by Mark Millican
Residents who get a phone call telling them they’ve missed jury duty, or a call or letter offering to get a property deed for them for a fee, should be aware it could be a scam, local officials say.
Although there are no reports of either scam being perpetrated on the local populace, Gilmer County Clerk of Superior Court Glenda Sue Johnson said they could be headed this way. The jury duty ruse is an actual scam — where in some cases hundreds of dollars are requested to “clear up” the missed duty, while the property deed offer may be legal but the culprit charges an exorbitant amount for what could be done at the courthouse for less than a dollar.
“(The scammers) send letters, in some instances, or they do phone calls,” Johnson explained. “And I have heard of a notice being published (in a newspaper) in some of the cases. The ad will say, ‘Land deeds. If you need a copy of your land deed, the only way to do it is by this method.’ I believe it was 80-something dollars in one instance and they would get the deed and send it to them, which is ridiculous because most people in small towns know they can come to the courthouse and get (their deed). I think the letter also talks about a time frame too, that if (the property owner) tried to get it, it would take them too long.”
Johnson said older people are often targeted.
“Because sometimes they are not able to get out and see about things,” she said. “They get to thinking if they can’t find their land deed and their papers at home, and they get real upset. They can come in here and get a copy for 50 cents, or a certified copy for $2.50 if it’s a one-page deed, and a certified copy is just as good as the original.”
The jury duty scam
On the jury scam, the perpetrators contact people and tell them they’ve missed their jury service time and in order to be cleared of it they’re going to have to pay a fine — usually several hundred dollars in order for further action not to be taken against them, Johnson said.
She was asked if the scammers were passing themselves off as representatives of the court,
“Apparently so,” she replied. “I haven’t had this to happen here yet, but it (flared up) and died down near here. The 159 counties (in the court system) are linked together and we share information by email each day. It’s happening in a lot of areas in Georgia. Anytime anybody gets something about jury duty and it’s not our sheriff’s department or my office, then it’s a fraud. If somebody doesn’t show up for jury duty here, the sheriff’s office will first try to call them. And if they can’t get them on the phone, then they will go out and tell them they need to come in.”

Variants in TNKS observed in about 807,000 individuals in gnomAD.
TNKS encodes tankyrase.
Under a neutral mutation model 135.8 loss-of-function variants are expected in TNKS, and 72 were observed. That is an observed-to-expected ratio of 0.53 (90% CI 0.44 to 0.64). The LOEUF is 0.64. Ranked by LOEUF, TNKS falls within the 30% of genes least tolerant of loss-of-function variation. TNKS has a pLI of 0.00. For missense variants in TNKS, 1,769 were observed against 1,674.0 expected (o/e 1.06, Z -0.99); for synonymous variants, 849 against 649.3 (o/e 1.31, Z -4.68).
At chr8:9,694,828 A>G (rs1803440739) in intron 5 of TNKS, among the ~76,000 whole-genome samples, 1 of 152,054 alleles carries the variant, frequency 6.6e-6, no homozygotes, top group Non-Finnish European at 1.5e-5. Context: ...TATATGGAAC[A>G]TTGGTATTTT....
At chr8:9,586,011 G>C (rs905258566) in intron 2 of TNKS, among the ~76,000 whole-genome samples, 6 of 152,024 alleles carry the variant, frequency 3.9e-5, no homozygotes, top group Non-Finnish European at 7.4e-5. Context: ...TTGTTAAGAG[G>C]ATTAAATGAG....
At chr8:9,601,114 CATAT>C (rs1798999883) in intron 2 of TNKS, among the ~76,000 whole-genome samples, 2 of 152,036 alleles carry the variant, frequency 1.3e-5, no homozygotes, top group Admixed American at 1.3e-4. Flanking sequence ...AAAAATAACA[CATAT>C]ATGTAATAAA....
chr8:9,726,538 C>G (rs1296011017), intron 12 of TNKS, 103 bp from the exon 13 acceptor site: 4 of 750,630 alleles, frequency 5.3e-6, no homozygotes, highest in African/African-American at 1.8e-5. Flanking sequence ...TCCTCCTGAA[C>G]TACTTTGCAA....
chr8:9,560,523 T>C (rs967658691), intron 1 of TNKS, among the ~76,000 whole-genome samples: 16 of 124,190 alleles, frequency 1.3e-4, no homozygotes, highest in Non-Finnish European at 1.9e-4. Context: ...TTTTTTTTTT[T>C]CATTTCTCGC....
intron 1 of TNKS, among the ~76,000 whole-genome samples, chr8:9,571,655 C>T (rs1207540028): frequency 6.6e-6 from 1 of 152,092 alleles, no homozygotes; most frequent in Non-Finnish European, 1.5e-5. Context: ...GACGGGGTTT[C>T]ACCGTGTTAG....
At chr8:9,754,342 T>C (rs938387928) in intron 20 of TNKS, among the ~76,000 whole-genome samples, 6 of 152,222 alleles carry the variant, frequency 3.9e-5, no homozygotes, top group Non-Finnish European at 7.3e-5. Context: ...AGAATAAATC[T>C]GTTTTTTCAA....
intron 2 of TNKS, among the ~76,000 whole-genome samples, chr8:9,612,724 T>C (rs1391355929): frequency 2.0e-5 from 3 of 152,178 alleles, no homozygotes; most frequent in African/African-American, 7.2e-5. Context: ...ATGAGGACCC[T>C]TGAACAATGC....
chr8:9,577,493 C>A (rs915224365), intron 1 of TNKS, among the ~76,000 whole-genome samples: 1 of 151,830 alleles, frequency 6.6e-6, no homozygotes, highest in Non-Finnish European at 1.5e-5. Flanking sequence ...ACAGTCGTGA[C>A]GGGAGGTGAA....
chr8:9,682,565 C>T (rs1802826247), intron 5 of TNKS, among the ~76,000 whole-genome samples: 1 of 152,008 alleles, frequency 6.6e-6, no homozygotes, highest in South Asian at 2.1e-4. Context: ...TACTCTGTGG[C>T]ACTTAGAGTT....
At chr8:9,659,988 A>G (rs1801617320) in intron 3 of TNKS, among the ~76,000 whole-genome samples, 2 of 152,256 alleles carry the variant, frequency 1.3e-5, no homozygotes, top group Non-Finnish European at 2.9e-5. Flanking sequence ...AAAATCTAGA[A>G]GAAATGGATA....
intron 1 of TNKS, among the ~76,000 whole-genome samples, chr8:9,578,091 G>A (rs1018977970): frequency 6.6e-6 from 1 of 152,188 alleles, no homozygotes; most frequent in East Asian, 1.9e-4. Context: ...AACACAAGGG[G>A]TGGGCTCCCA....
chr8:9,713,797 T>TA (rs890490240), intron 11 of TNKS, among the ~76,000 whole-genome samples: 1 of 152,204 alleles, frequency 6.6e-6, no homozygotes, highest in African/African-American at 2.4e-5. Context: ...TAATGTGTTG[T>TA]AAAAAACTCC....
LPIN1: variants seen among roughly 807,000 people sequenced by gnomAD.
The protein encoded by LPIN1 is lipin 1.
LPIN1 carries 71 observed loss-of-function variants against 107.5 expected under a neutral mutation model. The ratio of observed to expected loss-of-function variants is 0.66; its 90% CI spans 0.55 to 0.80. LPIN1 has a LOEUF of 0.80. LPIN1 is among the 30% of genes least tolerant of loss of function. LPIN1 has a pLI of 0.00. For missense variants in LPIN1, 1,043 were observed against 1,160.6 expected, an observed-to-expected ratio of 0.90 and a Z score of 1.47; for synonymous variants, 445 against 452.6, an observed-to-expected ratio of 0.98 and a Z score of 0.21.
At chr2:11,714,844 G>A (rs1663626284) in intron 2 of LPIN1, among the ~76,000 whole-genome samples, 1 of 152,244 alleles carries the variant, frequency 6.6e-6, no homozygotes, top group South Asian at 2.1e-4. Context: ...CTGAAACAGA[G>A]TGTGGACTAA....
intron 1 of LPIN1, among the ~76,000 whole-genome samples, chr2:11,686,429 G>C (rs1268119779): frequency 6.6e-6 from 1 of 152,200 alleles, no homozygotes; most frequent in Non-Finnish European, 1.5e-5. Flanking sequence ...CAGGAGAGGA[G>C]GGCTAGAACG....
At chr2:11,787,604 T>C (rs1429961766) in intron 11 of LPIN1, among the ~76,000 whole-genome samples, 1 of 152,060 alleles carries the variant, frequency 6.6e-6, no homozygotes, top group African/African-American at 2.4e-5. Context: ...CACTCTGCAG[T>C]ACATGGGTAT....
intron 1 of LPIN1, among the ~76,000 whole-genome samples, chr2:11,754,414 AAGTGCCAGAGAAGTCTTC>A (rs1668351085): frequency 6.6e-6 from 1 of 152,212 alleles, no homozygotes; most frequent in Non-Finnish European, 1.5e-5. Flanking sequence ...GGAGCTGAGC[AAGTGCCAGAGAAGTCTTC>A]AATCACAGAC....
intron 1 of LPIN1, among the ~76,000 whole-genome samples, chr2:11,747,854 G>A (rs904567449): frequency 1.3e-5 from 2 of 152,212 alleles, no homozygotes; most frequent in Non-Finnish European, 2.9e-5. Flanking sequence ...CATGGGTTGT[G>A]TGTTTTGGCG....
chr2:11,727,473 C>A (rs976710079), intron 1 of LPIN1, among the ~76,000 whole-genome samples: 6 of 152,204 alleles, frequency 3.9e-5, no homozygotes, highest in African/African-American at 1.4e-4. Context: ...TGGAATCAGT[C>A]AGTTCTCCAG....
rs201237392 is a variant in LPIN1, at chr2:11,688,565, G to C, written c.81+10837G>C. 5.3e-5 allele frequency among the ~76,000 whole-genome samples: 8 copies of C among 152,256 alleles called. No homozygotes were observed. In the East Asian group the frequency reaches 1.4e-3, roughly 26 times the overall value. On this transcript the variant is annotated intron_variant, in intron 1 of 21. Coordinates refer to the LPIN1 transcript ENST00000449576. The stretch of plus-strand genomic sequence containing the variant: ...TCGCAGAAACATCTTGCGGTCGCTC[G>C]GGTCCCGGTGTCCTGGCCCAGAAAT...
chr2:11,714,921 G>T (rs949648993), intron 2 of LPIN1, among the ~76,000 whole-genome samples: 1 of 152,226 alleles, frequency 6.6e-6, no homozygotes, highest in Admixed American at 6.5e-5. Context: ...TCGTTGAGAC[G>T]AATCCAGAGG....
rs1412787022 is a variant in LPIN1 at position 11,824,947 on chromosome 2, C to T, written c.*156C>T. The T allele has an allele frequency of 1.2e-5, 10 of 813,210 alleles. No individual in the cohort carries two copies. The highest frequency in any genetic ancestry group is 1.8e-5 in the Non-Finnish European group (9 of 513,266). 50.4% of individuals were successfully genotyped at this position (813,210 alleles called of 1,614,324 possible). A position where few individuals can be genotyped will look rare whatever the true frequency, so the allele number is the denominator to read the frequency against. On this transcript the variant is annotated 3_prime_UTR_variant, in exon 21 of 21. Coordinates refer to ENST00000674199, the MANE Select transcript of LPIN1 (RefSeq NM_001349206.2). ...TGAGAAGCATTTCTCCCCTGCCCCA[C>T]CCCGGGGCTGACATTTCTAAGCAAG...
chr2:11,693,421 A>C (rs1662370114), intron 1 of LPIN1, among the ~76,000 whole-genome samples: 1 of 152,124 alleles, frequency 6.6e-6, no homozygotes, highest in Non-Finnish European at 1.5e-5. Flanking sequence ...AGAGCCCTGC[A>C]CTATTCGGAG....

Johnson said any correspondence a resident receives regarding local jury duty should have the Gilmer County Clerk of Court designation with her name on the document, unless it is a federal jury summons from U.S. District Court in Gainesville.
“That would be something they certainly need to pay attention to,” she said. “But there would never be anybody calling (a local resident) about jury duty except me or the sheriff’s office.”
Johnson said the jury duty and deed scams — although the latter may not be illegal if it’s providing a service, albeit for an exorbitant fee — have been occurring in some more populous counties south of Gilmer.
“I would hate to see our residents get hurt with these scams,” she said. Anyone with questions can call the clerk’s office at (706) 635-4462.
‘If it’s too good to be true ...’
Ellijay Police Chief Ed Lacey said his office has not heard of either of the scams being perpetrated locally, but he is familiar with the various attempted shakedown methods from his prior law enforcement work in Cherokee County.
“We always had somebody trying to run something to prey on people, especially those on fixed incomes (who felt they had) a need of security for the future and couldn’t take care of themselves very well,” he said. “A lot of the time that just happens to be older people, the elderly. That can range from — and I know this happened in Gilmer County as well — the roofing scams and the paving scams where somebody comes up and they say, ‘We’ll pave your driveway, we’ve got some asphalt left over, we’ll do it for free.’ They only get half of it done and now (the scammers) start pressuring you for money for more asphalt. The same thing with the roof.”
He said the best advice is “never give anybody your personal information.”
“Never give anybody a check if you don’t know them, or a blank check,” Lacey cautioned. “Most of all, if somebody feels they’re being scammed they need to trust their instincts 100 percent. If it’s too good to be true, it probably is.”